Wednesday, May 04, 2016

British detective 'put four men wrongly accused of gang rape through two years of “living hell” after he cherry-picked and airbrushed evidence that could've helped'

Good ol' British class hatred at work, probably.  Working class cop resents boys at a prestigious school

A detective put four men through a 'living hell' when they were wrongly accused of gang rape after he cherry picked and airbrushed evidence that could have helped, a court has heard.

Detective Constable Ben Lewis, of Gloucestershire Police was accused of 'stark errors' in his handling of the investigation into Thady Duff, Leo Mahon and Patrick Foster, all 22, and James Martin, 20.

They were accused of gang raping a young woman at a ball at the Royal Agricultural University in Cirencester, Gloucestershire in May 2014.

The complainant alleged she had been raped and subjected to violence, including strangulation, and some of it had been filmed and shared for others to watch.

The trial had been due to begin at Gloucester Crown Court last month but following delays due to the late disclosure of evidence and a review of the case, the prosecution offered no evidence and the four defendants were cleared.

Now three of the men Mr Duff from Blunsdon, Swindon, Mr Mahon of Cirencester and Mr Foster from Colchester, have returned to court to apply for a proportion of their legal costs to be paid by the prosecution.

They have been left with large legal bills after hiring three QCs to lead the fight to clear their names.

And today a senior barrister criticised the police and in particular Detective Constable Ben Lewis, accusing of 'cherry picking' supportive evidence and 'airbrushing out of the picture' anything that could have helped the four men.

This included text messages sent by the complainant in the hours after the alleged incident and a conversation with a friend about what would happen if the video became common knowledge.

It emerged as the trial was due to begin that police failed to disclose that the complainant was a witness to an alleged rape on an Army base in October 2014 and there were inconsistencies in her evidence. The accused was a soldier and he was cleared at a court martial.

Eleanor Laws QC, representing the three applicants, criticised police for not fully downloading data from the complainant’s mobile phone, which was only done by an expert instructed by the defence after the trial had been due to start.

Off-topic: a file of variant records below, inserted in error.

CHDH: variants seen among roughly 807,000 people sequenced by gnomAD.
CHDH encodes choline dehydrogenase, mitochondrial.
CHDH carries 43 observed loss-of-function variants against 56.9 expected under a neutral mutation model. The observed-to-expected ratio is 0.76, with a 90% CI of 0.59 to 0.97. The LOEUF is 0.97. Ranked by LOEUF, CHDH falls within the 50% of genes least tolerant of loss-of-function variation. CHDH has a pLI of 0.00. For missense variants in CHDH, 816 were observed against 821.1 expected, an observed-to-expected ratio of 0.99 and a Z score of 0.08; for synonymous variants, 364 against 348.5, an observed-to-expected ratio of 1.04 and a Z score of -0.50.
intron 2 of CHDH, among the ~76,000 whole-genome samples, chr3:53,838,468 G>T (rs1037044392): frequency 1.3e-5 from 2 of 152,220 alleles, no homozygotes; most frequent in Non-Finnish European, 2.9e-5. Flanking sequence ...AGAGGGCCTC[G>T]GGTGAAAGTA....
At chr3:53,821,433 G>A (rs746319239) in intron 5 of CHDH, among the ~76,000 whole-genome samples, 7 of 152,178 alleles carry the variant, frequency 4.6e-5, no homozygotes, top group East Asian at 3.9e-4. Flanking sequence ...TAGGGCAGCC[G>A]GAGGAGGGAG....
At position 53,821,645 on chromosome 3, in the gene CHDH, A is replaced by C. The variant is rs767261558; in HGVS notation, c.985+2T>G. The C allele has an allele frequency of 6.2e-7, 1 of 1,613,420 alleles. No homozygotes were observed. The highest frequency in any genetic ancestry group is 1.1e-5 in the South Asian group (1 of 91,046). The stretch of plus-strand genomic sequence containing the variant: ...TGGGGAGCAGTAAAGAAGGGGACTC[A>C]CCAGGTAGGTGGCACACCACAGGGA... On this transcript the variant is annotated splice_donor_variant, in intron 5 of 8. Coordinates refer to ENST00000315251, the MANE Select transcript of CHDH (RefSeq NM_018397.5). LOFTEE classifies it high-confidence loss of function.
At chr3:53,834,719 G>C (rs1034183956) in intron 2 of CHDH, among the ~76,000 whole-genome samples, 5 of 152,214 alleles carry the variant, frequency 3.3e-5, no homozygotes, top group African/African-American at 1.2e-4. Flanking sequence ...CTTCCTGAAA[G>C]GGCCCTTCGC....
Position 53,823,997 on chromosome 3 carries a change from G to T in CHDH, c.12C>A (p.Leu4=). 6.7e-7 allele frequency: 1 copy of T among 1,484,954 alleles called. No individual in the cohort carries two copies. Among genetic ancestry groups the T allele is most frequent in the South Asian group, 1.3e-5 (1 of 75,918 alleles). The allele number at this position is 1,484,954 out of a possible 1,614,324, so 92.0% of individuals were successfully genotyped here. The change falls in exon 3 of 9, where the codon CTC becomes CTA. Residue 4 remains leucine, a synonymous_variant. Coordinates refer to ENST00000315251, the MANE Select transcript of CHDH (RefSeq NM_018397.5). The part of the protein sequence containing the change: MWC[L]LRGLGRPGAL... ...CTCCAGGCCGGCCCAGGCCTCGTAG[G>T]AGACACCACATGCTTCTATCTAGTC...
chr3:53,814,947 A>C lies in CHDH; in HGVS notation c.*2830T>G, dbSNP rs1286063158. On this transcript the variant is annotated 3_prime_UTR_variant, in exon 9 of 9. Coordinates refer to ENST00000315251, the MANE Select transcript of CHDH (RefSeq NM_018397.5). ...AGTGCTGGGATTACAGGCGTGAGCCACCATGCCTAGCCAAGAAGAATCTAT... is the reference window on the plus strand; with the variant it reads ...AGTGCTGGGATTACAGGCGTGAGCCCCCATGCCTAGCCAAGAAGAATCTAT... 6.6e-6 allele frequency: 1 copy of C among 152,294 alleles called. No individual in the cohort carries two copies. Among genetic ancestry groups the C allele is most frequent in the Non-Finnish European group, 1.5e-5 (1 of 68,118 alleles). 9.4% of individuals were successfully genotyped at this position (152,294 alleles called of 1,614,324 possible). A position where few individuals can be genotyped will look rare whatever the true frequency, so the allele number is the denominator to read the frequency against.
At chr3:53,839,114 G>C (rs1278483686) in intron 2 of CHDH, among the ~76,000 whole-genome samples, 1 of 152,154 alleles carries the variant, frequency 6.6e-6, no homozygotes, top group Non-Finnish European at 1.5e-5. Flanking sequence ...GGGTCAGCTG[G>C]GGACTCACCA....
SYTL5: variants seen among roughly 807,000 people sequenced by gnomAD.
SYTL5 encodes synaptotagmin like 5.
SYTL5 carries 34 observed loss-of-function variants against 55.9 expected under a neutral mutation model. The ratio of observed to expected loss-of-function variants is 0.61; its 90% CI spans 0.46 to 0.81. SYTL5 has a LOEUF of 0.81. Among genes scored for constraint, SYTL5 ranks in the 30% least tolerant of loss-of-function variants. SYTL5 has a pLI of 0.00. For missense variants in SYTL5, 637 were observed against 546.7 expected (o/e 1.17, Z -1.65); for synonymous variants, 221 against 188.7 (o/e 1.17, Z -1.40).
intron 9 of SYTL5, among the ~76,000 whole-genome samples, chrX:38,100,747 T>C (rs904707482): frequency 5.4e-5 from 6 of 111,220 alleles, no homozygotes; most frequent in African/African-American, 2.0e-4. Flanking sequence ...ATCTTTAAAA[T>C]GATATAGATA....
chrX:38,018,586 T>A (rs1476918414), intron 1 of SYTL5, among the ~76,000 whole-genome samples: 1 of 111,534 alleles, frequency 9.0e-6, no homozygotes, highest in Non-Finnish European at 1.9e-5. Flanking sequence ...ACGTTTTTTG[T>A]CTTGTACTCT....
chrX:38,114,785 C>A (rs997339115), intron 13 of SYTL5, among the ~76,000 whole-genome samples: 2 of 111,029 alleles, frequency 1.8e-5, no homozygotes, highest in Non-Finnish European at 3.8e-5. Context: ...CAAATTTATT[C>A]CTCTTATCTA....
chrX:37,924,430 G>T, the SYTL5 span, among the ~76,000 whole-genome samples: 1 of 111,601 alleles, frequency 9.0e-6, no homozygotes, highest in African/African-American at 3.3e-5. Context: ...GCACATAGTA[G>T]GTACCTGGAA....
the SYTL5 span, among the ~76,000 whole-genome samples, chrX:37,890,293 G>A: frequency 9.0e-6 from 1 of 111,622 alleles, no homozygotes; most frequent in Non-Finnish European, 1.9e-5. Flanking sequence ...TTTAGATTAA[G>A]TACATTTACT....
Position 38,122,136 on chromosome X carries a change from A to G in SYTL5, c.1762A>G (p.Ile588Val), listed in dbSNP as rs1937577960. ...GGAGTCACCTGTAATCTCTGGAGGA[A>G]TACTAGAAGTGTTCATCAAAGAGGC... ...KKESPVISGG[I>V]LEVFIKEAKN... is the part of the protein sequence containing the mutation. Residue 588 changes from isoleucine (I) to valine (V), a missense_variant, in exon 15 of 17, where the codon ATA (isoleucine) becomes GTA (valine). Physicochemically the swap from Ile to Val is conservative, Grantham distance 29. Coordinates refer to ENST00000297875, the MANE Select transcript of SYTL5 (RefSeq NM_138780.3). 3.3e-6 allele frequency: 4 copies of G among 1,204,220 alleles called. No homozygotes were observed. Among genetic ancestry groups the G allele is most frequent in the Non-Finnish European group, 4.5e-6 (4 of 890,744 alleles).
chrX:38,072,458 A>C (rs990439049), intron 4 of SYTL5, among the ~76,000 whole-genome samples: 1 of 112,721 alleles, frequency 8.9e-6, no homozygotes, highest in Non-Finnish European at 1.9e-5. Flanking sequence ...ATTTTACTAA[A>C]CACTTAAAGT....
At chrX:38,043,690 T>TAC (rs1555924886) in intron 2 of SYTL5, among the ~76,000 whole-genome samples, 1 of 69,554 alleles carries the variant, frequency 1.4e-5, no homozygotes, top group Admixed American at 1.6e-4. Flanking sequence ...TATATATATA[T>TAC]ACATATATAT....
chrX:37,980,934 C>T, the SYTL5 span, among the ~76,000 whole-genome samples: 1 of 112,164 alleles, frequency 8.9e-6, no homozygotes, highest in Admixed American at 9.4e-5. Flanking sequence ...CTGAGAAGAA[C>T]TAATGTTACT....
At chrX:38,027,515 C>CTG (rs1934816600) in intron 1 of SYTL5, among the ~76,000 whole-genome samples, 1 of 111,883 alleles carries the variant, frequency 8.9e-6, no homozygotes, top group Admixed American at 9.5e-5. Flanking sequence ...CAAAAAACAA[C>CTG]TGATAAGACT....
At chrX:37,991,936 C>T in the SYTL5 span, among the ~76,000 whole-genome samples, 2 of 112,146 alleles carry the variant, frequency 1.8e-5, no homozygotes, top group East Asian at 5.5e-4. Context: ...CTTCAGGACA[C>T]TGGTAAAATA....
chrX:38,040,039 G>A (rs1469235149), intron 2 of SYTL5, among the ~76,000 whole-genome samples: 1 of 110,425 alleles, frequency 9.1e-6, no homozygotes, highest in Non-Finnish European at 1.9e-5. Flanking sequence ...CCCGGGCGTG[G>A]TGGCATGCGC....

She told Judge Jamie Tabor QC that text messages sent after the alleged incident undermined the prosecution case as the complainant discussed 'mundane things.'

She also said it had been 'unadvisable' for Detective Constable Lewis to take on the dual roles of investigator and disclosure officer, which Judge Tabor noted would be 'unthinkable' in a major inquiry.

Miss Laws added: 'If the level of contact that took place between the complainant and the officer in the case was highly unusual, it was not against the rules. 'In my experience it is unusual. He was feeding the complainant information she should not have had.

'He must have realised there was a real danger of cross-contamination because he was discussing with her that she should talk to other witnesses about giving statements.

'In the end there was one witness who came very close to supporting what she said happened - and she was very close to the complainant.

'He failed to disclose matters that undermined the complainant’s credibility. He failed to disclose material that undermined the prosecution case and assist the defence.

'This material taken together was so significant that in my submission there have been clearly stark errors in relation to matters that were taken into account in offering no evidence.'

Miss Laws then expalined that the decision to end the prosecution against the men should have been taken 'a long time ago'.

She explained: 'There have been a series of stark errors in relation to the telephone and the Royal Military Police material and there are four young men whose lives have been on hold.

'It has been a living hell. It would have been a complete travesty. They are all innocent men.

'They showed the video of a consensual incident and of course we know that happened in relation to the complainant and another man and she got upset by it and he wasn’t waiting two years for a trial.

'Yes, their behaviour is bad in showing what they thought was consensual but no-one suggests they deserved what followed.  'It was a false allegation that remained for two years without proper scrutiny from the officer in the case.'

She said Mr Duff, Mr Foster and Mr Mahon, had been suspended by the university as soon as the allegations were made and their studies remained on hold.

Fiona Elder, for the prosecution, said the decision to offer no evidence was for 'cumulative reasons' and a result of lack of disclosure or further disclosure or of 'bad faith' on the part of the police.

Judge Tabor will give his ruling on the costs application at a later date.

Original report here

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